Inappropriate polypharmacy tied to fall risk, neuropathy in older patients with multiple myeloma
Inappropriate polypharmacy is prevalent in older patients with multiple myeloma, a recent study has shown, noting that drugs affecting balance and perception must be reconsidered in these individuals.
“Polypharmacy is an increasing problem in the care of older patients,” the authors said, adding that polypharmacy is almost unavoidable in those with multiple myeloma.
Eighty patients with multiple myeloma (aged >65 years) were enrolled retrospectively. The authors determined patient files, prescriptions and evaluations for polypharmacy according to the Beers and START/STOPP criteria. They also recorded outcomes in fractures, autonomous neuropathy and renal functions from files.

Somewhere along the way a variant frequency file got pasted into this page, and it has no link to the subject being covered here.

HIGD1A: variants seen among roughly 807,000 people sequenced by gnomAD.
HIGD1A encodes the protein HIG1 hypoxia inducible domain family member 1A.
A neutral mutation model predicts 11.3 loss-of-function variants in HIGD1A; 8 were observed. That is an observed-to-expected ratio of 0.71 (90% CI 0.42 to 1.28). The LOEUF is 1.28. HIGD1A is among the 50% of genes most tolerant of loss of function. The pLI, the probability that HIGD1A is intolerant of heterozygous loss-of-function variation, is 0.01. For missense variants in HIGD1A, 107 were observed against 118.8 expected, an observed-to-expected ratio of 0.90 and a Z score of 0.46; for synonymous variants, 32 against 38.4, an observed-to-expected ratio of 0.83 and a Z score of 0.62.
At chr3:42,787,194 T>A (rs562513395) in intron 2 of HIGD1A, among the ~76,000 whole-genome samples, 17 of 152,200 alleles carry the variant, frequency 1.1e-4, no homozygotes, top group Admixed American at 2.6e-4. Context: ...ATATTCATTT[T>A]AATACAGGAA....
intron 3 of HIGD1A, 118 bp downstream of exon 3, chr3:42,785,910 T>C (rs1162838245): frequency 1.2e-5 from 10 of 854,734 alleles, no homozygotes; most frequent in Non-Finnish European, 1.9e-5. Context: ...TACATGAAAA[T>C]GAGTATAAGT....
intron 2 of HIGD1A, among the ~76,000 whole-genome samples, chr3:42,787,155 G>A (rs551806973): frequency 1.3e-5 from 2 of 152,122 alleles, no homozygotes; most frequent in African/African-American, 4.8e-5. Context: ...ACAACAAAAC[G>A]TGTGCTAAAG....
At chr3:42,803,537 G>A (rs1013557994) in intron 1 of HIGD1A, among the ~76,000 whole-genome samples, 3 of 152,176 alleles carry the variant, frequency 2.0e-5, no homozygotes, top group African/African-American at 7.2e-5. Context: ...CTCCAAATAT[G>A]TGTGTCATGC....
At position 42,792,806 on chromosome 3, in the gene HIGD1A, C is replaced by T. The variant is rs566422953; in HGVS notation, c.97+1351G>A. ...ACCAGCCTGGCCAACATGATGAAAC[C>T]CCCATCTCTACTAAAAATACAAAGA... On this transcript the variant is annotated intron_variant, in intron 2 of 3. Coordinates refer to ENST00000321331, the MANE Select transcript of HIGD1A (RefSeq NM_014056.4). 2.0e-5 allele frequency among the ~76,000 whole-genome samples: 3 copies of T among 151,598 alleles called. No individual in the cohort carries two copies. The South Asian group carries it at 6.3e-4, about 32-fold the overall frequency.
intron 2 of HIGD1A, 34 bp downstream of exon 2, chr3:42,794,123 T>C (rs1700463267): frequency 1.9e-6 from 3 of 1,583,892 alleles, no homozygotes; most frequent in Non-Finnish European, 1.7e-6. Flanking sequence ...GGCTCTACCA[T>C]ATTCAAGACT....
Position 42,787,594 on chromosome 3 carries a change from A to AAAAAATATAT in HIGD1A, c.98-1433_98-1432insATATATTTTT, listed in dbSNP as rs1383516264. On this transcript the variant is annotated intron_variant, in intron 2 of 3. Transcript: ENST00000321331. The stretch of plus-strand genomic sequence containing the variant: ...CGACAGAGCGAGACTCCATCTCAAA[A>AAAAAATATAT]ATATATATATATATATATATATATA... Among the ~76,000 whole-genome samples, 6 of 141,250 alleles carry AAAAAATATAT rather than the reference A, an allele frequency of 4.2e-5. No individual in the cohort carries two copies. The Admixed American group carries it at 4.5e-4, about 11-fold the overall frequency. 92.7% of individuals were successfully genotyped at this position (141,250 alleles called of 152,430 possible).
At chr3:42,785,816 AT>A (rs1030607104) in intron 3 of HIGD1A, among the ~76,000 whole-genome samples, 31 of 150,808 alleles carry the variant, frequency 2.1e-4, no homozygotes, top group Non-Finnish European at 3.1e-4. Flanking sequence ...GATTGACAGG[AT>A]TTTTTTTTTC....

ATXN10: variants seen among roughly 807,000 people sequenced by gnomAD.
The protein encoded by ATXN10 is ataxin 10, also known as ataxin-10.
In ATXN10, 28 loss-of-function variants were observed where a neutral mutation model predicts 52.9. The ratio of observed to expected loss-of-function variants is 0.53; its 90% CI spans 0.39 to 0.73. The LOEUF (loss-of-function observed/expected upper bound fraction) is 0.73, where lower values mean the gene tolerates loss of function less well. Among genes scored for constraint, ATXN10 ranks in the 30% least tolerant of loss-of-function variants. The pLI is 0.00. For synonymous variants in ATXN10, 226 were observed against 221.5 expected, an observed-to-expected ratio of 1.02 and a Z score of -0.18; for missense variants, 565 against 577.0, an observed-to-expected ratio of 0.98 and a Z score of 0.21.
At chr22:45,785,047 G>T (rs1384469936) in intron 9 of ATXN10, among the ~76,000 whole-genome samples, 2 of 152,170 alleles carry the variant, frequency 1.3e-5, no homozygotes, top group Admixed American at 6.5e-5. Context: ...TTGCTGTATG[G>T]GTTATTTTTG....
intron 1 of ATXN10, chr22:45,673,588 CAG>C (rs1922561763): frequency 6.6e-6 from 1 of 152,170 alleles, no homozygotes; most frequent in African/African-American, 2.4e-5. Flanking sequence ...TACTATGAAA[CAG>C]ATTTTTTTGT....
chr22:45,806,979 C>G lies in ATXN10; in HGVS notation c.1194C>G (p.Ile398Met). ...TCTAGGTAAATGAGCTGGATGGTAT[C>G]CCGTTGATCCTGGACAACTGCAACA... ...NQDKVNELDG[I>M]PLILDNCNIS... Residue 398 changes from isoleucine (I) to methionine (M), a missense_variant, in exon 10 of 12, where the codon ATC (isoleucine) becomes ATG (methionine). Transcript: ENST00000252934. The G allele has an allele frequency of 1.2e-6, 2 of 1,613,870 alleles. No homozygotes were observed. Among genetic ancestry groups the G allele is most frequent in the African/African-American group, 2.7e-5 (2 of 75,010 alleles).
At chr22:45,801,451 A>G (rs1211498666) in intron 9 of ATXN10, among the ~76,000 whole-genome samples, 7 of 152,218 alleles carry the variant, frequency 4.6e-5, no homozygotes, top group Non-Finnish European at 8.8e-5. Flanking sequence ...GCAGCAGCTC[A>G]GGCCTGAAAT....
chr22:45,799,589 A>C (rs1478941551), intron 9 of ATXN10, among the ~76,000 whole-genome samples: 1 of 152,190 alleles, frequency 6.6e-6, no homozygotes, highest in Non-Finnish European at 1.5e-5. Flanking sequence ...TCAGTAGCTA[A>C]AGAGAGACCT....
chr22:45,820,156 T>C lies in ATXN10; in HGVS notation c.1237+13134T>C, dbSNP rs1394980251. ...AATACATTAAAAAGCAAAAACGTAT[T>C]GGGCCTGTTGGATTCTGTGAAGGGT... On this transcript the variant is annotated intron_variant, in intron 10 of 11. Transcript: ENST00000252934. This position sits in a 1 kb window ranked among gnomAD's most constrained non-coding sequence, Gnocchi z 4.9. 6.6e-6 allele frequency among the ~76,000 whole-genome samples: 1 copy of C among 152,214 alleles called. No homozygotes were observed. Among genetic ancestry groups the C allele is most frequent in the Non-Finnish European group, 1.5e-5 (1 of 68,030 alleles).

Of the patients, 65 had polypharmacy with ≥4 drugs and 51 with ≥5 drugs.
Poor ECOG performance in women was associated with autonomous neuropathy, polypharmacy with more than four or five medications, and use of multiple medications in the same category. In men, poor ECOG performance status correlated with prolonged use of benzodiazepines and central nervous system-affecting drugs and inappropriate polypharmacy.
Inappropriate polypharmacy was more commonly observed in patients aged 75–84 years. Moreover, the risk of fall and autonomous neuropathy appeared to be significantly associated with inappropriate polypharmacy.
“Multiple myeloma is a chronic, uncurable haematological cancer with the involvement of multiple organ systems,” the authors said. “As a disease affecting older patients, the treatment of multiple myeloma should be based on individual patient characteristics.”